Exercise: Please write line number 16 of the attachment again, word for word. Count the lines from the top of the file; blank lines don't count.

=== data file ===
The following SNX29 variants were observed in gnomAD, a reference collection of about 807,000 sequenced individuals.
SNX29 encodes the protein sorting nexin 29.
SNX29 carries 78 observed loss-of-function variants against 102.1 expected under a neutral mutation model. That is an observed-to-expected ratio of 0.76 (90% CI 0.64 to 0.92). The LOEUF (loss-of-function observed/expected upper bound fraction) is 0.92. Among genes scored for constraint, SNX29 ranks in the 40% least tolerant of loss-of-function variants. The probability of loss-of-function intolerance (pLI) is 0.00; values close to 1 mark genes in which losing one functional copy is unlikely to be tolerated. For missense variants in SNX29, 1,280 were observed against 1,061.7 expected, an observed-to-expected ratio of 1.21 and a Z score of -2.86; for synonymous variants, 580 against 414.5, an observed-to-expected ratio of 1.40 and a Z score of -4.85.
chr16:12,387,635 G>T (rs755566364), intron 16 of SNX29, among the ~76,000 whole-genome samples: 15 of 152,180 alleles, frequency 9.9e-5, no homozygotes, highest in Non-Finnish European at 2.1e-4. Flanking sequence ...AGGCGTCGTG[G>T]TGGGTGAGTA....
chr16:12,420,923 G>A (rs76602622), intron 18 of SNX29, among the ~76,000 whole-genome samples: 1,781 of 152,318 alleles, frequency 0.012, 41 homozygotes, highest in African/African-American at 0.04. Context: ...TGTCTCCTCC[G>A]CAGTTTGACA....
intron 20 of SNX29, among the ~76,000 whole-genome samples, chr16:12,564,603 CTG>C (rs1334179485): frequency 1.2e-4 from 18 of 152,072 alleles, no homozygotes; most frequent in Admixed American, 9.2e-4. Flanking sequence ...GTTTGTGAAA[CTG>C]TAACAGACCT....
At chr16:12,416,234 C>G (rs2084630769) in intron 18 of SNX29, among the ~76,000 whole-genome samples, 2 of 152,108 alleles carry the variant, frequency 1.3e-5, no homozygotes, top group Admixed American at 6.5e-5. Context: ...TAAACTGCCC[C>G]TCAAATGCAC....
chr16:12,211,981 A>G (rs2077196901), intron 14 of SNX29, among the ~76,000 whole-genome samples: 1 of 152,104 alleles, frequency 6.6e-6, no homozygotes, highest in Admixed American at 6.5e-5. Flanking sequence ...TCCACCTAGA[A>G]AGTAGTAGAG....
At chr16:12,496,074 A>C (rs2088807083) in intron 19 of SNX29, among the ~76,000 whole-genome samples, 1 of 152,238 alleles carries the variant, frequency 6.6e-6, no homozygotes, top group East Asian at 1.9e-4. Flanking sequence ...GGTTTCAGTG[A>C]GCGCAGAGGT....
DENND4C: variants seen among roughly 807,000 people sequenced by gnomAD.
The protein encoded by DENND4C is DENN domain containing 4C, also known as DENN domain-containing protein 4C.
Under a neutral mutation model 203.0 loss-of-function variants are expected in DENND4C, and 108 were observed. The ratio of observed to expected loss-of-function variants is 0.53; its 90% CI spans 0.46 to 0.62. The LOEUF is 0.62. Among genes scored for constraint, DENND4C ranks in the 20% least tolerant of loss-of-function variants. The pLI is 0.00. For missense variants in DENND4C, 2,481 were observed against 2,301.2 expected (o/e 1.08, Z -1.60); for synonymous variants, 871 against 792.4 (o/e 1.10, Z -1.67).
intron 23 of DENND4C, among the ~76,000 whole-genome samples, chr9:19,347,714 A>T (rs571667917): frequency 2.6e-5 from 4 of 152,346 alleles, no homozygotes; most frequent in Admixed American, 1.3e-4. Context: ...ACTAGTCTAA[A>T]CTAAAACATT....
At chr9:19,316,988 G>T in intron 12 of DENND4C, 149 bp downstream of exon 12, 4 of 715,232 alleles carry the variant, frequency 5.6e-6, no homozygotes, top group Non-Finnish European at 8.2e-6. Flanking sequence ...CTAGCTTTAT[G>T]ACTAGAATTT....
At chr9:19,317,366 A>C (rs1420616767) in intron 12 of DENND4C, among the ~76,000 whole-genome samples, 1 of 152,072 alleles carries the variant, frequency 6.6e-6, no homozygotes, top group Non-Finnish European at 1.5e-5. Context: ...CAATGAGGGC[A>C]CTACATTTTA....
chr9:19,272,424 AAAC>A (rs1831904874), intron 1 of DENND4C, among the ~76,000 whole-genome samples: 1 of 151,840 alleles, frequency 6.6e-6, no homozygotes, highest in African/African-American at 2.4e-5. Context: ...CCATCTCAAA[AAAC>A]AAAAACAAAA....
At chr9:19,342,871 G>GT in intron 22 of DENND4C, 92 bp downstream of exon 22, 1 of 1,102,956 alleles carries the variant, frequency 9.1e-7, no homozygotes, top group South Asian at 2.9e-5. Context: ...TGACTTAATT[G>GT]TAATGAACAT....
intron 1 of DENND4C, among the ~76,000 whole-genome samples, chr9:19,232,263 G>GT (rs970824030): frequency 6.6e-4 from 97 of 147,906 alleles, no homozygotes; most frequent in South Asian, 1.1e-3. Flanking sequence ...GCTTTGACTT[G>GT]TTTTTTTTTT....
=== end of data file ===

chr9:19,272,424 AAAC>A (rs1831904874), intron 1 of DENND4C, among the ~76,000 whole-genome samples: 1 of 151,840 alleles, frequency 6.6e-6, no homozygotes, highest in African/African-American at 2.4e-5. Context: ...CCATCTCAAA[AAAC>A]AAAAACAAAA....